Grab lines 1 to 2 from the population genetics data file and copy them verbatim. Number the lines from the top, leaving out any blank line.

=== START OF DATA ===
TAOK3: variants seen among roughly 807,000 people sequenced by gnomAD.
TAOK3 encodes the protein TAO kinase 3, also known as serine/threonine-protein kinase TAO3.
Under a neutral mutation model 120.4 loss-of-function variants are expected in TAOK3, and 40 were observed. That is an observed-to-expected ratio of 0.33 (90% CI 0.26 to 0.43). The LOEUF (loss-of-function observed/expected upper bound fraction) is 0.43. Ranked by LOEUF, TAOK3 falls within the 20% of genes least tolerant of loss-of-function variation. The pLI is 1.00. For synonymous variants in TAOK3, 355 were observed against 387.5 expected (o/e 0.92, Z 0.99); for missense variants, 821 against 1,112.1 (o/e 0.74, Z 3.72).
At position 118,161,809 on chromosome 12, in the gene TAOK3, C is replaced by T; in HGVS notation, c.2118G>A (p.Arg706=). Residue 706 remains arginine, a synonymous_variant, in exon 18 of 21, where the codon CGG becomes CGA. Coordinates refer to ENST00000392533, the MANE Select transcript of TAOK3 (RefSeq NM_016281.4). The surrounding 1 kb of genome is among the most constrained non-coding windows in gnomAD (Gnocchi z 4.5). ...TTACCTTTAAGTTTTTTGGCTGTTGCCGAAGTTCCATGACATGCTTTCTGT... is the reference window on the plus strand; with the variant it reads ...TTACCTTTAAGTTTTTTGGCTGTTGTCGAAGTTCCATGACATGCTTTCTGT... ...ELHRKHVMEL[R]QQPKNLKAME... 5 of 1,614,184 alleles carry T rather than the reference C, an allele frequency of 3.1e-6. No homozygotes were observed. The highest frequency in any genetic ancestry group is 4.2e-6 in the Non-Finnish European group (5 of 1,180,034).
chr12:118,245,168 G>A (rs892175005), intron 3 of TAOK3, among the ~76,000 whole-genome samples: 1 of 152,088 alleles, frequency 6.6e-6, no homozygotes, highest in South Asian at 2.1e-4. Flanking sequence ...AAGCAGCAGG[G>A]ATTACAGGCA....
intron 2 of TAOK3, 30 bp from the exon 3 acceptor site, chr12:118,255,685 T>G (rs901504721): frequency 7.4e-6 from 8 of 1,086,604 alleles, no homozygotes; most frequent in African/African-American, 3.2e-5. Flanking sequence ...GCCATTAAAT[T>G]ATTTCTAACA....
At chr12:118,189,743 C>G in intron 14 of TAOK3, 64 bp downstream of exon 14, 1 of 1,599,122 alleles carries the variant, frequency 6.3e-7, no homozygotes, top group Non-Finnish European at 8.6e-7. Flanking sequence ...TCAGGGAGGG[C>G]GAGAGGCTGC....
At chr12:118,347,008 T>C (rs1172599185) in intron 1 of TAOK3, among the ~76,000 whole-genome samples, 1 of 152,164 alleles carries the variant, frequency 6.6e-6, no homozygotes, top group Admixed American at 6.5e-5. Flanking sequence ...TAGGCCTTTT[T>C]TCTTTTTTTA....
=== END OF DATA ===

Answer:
TAOK3: variants seen among roughly 807,000 people sequenced by gnomAD.
TAOK3 encodes the protein TAO kinase 3, also known as serine/threonine-protein kinase TAO3.